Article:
The Under-18 to 19 age group has been the division Philippine basketball has been struggling with.
In the Asian level, the Boys’ National Basketball Team has one gold six times, silver twice, and bronze thrice. But all of the medals came from 1970 to 1992. Moreover, the Philippines has only qualified once in the Under-19 World Cup.
With four slots in the 2019 FIBA Under-19 World Cup at stake, the Samahang Basketbol ng Pilipinas is set to field the tallest-ever team possible.
Seven-foot-1 Kai Sotto, 6-foot-11 AJ Edu, 6-foot-8 Geo Chiu, and 6-foot-7 Raven Cortez will compose the frontline of the youth team to lift the average height of the Philippine squad to 6-foot-4 — two inches taller than the last Philippine U-18 squad that competed in the 2016 edition of the tourney.
But even with height to compete with Asia’s tallest teams, what the team lacks right now is experience.
“How you use the size and play well in the size is the key. But a lot of Philippine teams have beaten giants in the past. So now for a change, we can match up a little bit,” shared coach Josh Reyes during the Chooks-to-Go-hosted send-off dinner for the team. “If you look at teams on paper, we are raving about the size off this team, but if you look at it objectively our average height is six-foot-four, china’s average height is six-foot-six. We are still going up against bigger opponents.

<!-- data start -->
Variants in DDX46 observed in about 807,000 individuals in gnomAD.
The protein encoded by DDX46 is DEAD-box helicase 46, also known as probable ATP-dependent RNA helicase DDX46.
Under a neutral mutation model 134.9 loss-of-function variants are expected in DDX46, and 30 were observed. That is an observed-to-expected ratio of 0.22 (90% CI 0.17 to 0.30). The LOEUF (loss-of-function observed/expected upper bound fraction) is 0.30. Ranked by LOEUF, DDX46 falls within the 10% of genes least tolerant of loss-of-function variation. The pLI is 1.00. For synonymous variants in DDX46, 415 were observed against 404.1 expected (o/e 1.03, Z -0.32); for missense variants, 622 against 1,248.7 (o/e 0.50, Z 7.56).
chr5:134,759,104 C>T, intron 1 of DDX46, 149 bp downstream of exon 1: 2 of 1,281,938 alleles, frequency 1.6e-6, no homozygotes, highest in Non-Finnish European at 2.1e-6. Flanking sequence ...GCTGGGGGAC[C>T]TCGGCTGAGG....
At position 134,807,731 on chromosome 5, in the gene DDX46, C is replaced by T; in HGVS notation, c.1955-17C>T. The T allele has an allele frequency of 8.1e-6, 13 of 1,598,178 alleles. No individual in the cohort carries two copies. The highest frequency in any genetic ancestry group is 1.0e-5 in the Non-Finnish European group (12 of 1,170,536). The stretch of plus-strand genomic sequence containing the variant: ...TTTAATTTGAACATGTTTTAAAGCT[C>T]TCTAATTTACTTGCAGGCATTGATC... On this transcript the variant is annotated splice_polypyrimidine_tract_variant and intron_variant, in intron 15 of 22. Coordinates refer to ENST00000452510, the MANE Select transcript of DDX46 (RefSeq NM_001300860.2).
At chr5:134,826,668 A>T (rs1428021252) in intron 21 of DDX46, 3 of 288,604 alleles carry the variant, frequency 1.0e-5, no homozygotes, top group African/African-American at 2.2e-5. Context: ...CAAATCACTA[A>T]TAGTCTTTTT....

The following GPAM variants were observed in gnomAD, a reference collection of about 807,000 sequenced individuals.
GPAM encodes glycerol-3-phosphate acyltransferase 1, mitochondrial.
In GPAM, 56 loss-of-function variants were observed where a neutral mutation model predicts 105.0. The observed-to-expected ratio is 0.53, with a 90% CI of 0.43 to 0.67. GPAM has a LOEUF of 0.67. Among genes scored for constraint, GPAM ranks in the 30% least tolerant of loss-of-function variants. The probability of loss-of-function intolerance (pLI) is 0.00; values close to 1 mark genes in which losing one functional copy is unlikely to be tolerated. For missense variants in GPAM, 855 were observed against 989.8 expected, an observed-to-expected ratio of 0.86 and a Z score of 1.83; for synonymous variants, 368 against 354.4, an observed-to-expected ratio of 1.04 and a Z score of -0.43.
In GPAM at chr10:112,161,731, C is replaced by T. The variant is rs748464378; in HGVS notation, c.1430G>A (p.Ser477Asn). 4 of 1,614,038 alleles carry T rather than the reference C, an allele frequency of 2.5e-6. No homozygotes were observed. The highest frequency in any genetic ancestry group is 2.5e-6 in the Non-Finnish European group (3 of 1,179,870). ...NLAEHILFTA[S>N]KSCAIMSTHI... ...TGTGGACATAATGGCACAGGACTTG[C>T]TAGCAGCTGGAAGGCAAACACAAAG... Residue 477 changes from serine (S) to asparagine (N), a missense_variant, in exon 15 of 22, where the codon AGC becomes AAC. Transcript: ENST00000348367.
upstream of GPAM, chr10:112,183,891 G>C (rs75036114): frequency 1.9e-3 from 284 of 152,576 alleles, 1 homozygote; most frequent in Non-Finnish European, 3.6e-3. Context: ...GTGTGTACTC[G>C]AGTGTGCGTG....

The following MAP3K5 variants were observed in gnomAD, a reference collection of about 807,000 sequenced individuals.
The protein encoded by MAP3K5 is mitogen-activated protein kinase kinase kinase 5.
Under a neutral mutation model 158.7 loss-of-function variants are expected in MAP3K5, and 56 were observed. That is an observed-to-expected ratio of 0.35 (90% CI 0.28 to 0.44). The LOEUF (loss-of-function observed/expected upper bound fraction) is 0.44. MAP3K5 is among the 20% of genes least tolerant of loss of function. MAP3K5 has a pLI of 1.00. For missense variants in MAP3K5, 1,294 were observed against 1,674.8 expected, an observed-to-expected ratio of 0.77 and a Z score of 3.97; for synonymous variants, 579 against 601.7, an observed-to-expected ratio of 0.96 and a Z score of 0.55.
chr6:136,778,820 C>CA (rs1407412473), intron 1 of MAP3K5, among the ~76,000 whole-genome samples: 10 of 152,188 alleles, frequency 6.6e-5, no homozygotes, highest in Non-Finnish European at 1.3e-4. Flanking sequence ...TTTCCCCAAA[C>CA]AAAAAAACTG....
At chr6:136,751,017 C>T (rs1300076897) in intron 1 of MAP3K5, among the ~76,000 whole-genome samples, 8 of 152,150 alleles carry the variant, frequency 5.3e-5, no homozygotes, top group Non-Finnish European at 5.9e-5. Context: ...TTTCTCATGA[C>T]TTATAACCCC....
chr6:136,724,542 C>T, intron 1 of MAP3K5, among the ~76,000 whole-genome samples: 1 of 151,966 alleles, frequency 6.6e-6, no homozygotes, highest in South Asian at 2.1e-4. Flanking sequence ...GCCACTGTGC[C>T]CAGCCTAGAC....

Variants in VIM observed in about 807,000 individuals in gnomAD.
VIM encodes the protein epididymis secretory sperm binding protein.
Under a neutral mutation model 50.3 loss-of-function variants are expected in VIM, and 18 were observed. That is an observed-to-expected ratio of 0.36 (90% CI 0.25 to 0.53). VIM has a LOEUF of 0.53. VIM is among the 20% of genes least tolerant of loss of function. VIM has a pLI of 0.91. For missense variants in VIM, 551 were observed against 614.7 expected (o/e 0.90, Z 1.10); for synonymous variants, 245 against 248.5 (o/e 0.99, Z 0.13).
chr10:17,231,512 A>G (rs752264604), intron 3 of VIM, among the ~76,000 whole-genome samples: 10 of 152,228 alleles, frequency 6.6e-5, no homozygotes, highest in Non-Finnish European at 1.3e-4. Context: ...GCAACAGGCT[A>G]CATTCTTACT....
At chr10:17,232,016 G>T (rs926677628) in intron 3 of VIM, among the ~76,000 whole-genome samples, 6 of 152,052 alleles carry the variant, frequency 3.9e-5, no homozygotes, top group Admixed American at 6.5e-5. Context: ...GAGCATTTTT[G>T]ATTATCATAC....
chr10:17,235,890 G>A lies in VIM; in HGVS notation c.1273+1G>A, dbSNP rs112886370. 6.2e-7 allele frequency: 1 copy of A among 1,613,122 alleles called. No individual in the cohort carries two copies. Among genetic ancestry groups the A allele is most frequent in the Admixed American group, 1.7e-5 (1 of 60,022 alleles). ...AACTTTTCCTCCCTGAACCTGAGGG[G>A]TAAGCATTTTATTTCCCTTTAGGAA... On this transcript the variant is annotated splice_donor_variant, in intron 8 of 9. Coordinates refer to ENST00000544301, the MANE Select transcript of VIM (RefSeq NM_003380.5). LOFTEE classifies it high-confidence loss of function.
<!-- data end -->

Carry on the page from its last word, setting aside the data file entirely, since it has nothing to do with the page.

“The pressure is how we play well together, how we perform there, how we play as a team despite the limited time we have in preparing.”
Compared to some of the topflight teams in the continent, Batang Gilas was not afforded a chance to figure in tune-ups against their peers. Instead, they had to settle in facing some of the top collegiate squads in the country.
What will work for the young Filipinos is that Sotto, Cortez, Chiu, and Gerry Abadiano are fresh off the team’s campaign in the Under-17 World Cup while Dalph Panopio and AJ Edu already have a wealth of experience under their belt.
Come tip-off, Reyes expects the team to go all out with the goal of ending the country’s 40-year World Cup drought.
“We just go about our business and prep the right way — by giving your full commitment and your time and focus to this team and be there for each other, yun lang. It’s hard to have external forces determine your motivation. As young as this team is, we try to be self-motivated because we’re playing for a cause that’s bigger than all of us.”